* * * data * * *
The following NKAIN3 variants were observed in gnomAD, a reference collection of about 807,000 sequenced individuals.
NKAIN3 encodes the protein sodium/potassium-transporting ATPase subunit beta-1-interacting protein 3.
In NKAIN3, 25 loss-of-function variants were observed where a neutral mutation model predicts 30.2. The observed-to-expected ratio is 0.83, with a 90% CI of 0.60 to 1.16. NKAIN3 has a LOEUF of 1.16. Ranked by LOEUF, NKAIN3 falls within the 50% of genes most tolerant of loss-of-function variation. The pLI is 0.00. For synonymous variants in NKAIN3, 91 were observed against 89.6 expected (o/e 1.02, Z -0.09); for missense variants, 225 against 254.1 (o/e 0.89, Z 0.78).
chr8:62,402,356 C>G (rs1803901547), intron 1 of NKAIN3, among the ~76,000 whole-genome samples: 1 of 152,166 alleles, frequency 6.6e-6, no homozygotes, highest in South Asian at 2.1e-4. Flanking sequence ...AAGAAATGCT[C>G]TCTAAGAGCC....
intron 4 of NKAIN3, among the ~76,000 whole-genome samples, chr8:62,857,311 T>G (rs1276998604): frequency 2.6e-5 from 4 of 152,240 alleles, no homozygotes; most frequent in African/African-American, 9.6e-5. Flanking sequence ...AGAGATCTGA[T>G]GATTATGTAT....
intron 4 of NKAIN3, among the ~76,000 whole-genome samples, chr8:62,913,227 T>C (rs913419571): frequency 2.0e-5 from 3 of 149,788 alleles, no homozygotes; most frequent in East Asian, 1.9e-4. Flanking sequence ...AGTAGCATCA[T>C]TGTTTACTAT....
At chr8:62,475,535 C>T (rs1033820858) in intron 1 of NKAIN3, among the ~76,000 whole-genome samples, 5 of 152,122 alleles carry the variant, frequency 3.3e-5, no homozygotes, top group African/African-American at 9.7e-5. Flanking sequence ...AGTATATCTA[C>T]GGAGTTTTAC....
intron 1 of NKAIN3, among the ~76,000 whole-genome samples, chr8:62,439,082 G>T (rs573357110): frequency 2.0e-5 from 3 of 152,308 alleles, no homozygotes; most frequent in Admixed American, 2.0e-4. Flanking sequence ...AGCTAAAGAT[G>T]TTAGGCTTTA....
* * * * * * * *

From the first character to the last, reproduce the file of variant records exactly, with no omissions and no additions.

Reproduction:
The following NKAIN3 variants were observed in gnomAD, a reference collection of about 807,000 sequenced individuals.
NKAIN3 encodes the protein sodium/potassium-transporting ATPase subunit beta-1-interacting protein 3.
In NKAIN3, 25 loss-of-function variants were observed where a neutral mutation model predicts 30.2. The observed-to-expected ratio is 0.83, with a 90% CI of 0.60 to 1.16. NKAIN3 has a LOEUF of 1.16. Ranked by LOEUF, NKAIN3 falls within the 50% of genes most tolerant of loss-of-function variation. The pLI is 0.00. For synonymous variants in NKAIN3, 91 were observed against 89.6 expected (o/e 1.02, Z -0.09); for missense variants, 225 against 254.1 (o/e 0.89, Z 0.78).
chr8:62,402,356 C>G (rs1803901547), intron 1 of NKAIN3, among the ~76,000 whole-genome samples: 1 of 152,166 alleles, frequency 6.6e-6, no homozygotes, highest in South Asian at 2.1e-4. Flanking sequence ...AAGAAATGCT[C>G]TCTAAGAGCC....
intron 4 of NKAIN3, among the ~76,000 whole-genome samples, chr8:62,857,311 T>G (rs1276998604): frequency 2.6e-5 from 4 of 152,240 alleles, no homozygotes; most frequent in African/African-American, 9.6e-5. Flanking sequence ...AGAGATCTGA[T>G]GATTATGTAT....
intron 4 of NKAIN3, among the ~76,000 whole-genome samples, chr8:62,913,227 T>C (rs913419571): frequency 2.0e-5 from 3 of 149,788 alleles, no homozygotes; most frequent in East Asian, 1.9e-4. Flanking sequence ...AGTAGCATCA[T>C]TGTTTACTAT....
At chr8:62,475,535 C>T (rs1033820858) in intron 1 of NKAIN3, among the ~76,000 whole-genome samples, 5 of 152,122 alleles carry the variant, frequency 3.3e-5, no homozygotes, top group African/African-American at 9.7e-5. Flanking sequence ...AGTATATCTA[C>T]GGAGTTTTAC....
intron 1 of NKAIN3, among the ~76,000 whole-genome samples, chr8:62,439,082 G>T (rs573357110): frequency 2.0e-5 from 3 of 152,308 alleles, no homozygotes; most frequent in Admixed American, 2.0e-4. Flanking sequence ...AGCTAAAGAT[G>T]TTAGGCTTTA....